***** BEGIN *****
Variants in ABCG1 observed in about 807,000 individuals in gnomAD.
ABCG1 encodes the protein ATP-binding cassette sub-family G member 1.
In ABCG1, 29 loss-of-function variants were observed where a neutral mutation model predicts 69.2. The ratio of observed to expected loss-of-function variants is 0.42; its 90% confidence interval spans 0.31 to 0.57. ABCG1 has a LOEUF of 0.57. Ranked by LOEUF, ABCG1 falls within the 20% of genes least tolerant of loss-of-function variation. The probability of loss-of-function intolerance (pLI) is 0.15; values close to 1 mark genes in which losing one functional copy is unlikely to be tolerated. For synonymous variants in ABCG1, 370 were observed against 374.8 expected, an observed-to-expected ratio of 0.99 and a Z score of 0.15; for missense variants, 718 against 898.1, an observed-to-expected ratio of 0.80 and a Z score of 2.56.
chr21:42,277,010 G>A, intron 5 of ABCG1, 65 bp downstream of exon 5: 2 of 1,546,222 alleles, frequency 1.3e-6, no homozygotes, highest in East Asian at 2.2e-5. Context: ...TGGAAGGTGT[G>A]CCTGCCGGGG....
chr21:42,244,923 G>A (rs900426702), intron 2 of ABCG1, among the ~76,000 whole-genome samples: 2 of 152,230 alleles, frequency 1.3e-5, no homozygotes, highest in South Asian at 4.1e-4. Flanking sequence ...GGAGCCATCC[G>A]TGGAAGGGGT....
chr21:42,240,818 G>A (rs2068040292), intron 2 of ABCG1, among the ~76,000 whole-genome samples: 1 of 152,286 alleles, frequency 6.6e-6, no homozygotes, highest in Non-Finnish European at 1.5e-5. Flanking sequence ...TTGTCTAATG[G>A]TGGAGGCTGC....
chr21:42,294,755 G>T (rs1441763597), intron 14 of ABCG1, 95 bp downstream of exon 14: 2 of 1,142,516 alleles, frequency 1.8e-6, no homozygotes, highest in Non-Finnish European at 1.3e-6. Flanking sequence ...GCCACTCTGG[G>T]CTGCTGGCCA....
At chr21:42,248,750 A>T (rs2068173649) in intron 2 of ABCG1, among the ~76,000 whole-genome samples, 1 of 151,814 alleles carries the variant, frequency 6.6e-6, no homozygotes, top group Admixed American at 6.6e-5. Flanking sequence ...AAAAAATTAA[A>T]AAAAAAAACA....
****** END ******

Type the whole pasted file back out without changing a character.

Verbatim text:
Variants in ABCG1 observed in about 807,000 individuals in gnomAD.
ABCG1 encodes the protein ATP-binding cassette sub-family G member 1.
In ABCG1, 29 loss-of-function variants were observed where a neutral mutation model predicts 69.2. The ratio of observed to expected loss-of-function variants is 0.42; its 90% confidence interval spans 0.31 to 0.57. ABCG1 has a LOEUF of 0.57. Ranked by LOEUF, ABCG1 falls within the 20% of genes least tolerant of loss-of-function variation. The probability of loss-of-function intolerance (pLI) is 0.15; values close to 1 mark genes in which losing one functional copy is unlikely to be tolerated. For synonymous variants in ABCG1, 370 were observed against 374.8 expected, an observed-to-expected ratio of 0.99 and a Z score of 0.15; for missense variants, 718 against 898.1, an observed-to-expected ratio of 0.80 and a Z score of 2.56.
chr21:42,277,010 G>A, intron 5 of ABCG1, 65 bp downstream of exon 5: 2 of 1,546,222 alleles, frequency 1.3e-6, no homozygotes, highest in East Asian at 2.2e-5. Context: ...TGGAAGGTGT[G>A]CCTGCCGGGG....
chr21:42,244,923 G>A (rs900426702), intron 2 of ABCG1, among the ~76,000 whole-genome samples: 2 of 152,230 alleles, frequency 1.3e-5, no homozygotes, highest in South Asian at 4.1e-4. Flanking sequence ...GGAGCCATCC[G>A]TGGAAGGGGT....
chr21:42,240,818 G>A (rs2068040292), intron 2 of ABCG1, among the ~76,000 whole-genome samples: 1 of 152,286 alleles, frequency 6.6e-6, no homozygotes, highest in Non-Finnish European at 1.5e-5. Flanking sequence ...TTGTCTAATG[G>A]TGGAGGCTGC....
chr21:42,294,755 G>T (rs1441763597), intron 14 of ABCG1, 95 bp downstream of exon 14: 2 of 1,142,516 alleles, frequency 1.8e-6, no homozygotes, highest in Non-Finnish European at 1.3e-6. Flanking sequence ...GCCACTCTGG[G>T]CTGCTGGCCA....
At chr21:42,248,750 A>T (rs2068173649) in intron 2 of ABCG1, among the ~76,000 whole-genome samples, 1 of 151,814 alleles carries the variant, frequency 6.6e-6, no homozygotes, top group Admixed American at 6.6e-5. Flanking sequence ...AAAAAATTAA[A>T]AAAAAAAACA....